Code Coverage and Xcode

February 21, 2018
xcode swift testing

Unit testing is invaluable in helping us to identify problems early in the development cycle, both in terms of the implementation and the specification. It also facilitates change, providing confidence that any future changes to the tested code won’t break it’s expected behaviour.   Key to unit testing is code coverage, which indicates what % of the tested code was executed when the corresponding unit tests were run. Generally, we want to have a high percentage of code coverage. 

Xcode 7 introduced a code coverage feature which allows us to measure and visualize code coverage.

In this short post, we will learn:

  • How to measure code coverage in Xcode
  • How to increase code coverage

For the purposes of demonstration, we will look at the unit tests for BikeProvider, a tiny Swift library I created to provide access to bike share information.

How to measure code coverage in Xcode

To measure and visualize code coverage for a project, follow these steps;

  • Enable code coverage date gathering. To do this, go to *Product->Scheme->Edit Scheme…* , and select Test from the left hand side menu. Under the Info section, check the Gather coverage data box.

Enabling code coverage data gathering in Xcode

  • To run all unit tests for a test target, in this case BikeProvider, first open the Test navigator in Xcode’s navigation pane. Then, select the small play button next to your test target name.

Running all unit tests for a test target via Xcode’s test navigator

  • Now open the Report navigator in Xcode’s navigation pane, and select the Test report from the list. This should open up a list of the tests what were just run, and indicate which tests passed or failed. In this case, they all passed.

Xcode test report

  • To view code coverage, select the Coverage tab. Xcode will display the overall code coverage for the framework, and we can expand this to get coverage data on individual files and functions.

Code coverage, expanded to show coverage for individual files and functions

How to increase code coverage

Now that we know how to measure unit test code coverage, lets see how we can increase it.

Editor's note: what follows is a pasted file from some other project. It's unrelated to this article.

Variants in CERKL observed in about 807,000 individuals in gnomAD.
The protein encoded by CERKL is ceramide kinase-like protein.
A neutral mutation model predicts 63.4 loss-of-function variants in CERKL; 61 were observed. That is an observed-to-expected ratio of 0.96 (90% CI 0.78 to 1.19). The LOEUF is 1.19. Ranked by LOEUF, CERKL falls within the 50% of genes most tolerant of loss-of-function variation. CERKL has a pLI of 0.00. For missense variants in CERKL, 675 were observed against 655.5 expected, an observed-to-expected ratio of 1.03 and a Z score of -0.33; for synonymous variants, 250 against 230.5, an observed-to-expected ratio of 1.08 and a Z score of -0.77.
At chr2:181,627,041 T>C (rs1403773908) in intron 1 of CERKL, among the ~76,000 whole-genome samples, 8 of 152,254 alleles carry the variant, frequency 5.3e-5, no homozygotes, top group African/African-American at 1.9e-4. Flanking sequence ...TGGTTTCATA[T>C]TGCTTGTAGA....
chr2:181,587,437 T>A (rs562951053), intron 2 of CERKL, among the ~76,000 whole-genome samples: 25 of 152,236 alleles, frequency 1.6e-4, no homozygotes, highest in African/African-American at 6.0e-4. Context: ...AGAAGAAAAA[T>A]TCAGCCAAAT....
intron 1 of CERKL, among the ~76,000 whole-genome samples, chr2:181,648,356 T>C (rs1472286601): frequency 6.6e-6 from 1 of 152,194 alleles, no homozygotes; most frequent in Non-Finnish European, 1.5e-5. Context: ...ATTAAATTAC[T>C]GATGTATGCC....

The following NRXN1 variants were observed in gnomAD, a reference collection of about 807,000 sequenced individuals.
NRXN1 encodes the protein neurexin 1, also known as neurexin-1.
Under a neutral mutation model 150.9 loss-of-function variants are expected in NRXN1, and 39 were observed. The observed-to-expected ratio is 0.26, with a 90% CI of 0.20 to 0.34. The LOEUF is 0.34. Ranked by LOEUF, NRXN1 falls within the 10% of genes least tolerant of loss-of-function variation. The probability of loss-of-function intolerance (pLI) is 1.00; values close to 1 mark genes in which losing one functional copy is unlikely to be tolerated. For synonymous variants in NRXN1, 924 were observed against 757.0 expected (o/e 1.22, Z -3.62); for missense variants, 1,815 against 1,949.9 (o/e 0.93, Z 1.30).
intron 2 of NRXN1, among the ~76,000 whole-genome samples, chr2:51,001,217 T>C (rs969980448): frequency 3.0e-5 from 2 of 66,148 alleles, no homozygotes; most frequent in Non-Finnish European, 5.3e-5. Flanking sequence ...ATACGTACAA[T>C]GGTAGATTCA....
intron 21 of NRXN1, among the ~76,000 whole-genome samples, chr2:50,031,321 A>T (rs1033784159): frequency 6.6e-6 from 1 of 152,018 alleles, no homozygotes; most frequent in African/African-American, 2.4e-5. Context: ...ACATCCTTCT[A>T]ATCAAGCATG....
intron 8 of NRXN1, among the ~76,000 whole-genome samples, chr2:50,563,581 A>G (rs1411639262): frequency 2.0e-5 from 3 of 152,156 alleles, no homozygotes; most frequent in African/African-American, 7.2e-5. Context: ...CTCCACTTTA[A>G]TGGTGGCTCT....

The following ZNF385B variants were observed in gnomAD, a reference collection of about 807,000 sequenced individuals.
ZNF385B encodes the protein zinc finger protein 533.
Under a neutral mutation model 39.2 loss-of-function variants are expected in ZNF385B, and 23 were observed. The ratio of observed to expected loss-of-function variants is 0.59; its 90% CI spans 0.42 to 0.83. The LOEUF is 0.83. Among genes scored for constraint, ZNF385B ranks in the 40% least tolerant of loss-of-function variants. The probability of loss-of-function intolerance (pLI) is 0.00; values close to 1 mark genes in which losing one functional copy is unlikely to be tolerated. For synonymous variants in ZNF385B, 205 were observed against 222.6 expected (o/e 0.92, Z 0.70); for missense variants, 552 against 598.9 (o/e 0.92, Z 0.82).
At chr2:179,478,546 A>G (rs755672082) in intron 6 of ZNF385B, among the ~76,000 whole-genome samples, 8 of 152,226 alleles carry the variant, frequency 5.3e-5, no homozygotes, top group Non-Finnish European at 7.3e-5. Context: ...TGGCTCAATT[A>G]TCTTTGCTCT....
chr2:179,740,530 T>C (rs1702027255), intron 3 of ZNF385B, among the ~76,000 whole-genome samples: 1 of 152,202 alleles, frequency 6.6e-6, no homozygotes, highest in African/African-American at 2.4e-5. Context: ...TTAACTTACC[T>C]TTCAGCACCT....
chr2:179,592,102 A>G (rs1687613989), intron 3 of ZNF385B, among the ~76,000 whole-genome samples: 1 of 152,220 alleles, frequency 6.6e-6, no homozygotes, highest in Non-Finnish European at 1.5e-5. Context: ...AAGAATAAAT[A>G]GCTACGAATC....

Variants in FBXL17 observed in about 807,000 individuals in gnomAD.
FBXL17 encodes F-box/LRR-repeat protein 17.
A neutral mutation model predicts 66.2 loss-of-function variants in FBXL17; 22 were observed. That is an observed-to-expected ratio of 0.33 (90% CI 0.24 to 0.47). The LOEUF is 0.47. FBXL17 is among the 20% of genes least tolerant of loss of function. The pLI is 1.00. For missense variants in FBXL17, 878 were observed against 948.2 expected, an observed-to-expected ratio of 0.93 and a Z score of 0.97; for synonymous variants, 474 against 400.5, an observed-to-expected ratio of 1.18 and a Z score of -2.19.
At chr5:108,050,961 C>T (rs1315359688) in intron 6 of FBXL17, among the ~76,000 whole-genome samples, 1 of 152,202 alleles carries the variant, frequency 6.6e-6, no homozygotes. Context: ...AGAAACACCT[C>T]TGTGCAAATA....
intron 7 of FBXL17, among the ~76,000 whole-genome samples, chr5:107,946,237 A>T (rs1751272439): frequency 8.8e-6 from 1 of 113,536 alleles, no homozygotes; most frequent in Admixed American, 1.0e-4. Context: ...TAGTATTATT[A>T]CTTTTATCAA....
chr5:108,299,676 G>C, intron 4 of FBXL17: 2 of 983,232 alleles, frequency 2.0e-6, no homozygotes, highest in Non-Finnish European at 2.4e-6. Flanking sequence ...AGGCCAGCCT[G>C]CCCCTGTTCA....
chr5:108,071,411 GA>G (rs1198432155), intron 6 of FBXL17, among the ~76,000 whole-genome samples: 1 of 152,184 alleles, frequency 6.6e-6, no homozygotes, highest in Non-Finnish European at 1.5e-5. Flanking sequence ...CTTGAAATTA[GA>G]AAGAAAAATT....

A good approach to take is to work through all the types in our project, adding tests where possible for each type. 

This can be broken down into two steps;

  1. If possible, ensure every public method has at least one corresponding test

(Note that this might not always be desirable, depending on the testing approach being taken, e.g behaviour-driven development)

We will concentrate on CityProvider.swift (whose coverage report is expanded in the previous image), which right now has ~36% code coverage. 

This file consists of 4 public static methods and 1 private static method. It currently has 3 corresponding tests. We should ideally be testing each ‘unit’ of code, so we can first start by adding a test for each for our 4 public methods. 

Once we have at least one test for each method, we run the tests again, and check our coverage;

Increasing code coverage by adding more unit tests

Awesome, just by adding 1 more test, we have increased code coverage for CityProvider.swift to 75%

  1. Increase code coverage for each public method by investigating exactly which lines were executed

Now that we have at least some coverage for every method in CityProvider.swift, we can take advantage of Xcode’s code coverage measuring capabilities and take a look at exactly what lines of code are being executed by our tests. 

In the coverage report, double-click the file we want to investigate, in this case CityProvider.swift. This will open the source editor, but it will look a bit different now that we have enabled code coverage reporting. We now see that on the left, the source editor is highlighting code what has not been executed by our tests; i.e it highlights areas that require code coverage. Hovering over one of these red-colored areas further highlights the lines which were not executed;

Unexecuted code highlighted in the Xcode source editor

Using the above information, we can reason about how we can write further tests to ensure the above code is executed.

In this case, adding only two more test ensures that nearly 100% of the tested method was executed (i.e there is no red! 😃).

Increasing code coverage by examining the executed lines, and adding unit tests

Awesome! We learned how to measure code coverage in Xcode, and we looked at one approach to iteratively increasing our code coverage for a selected file.

We can now apply what we learned to all code that we write. 🎉

That’s it! 📱🚀👍🏽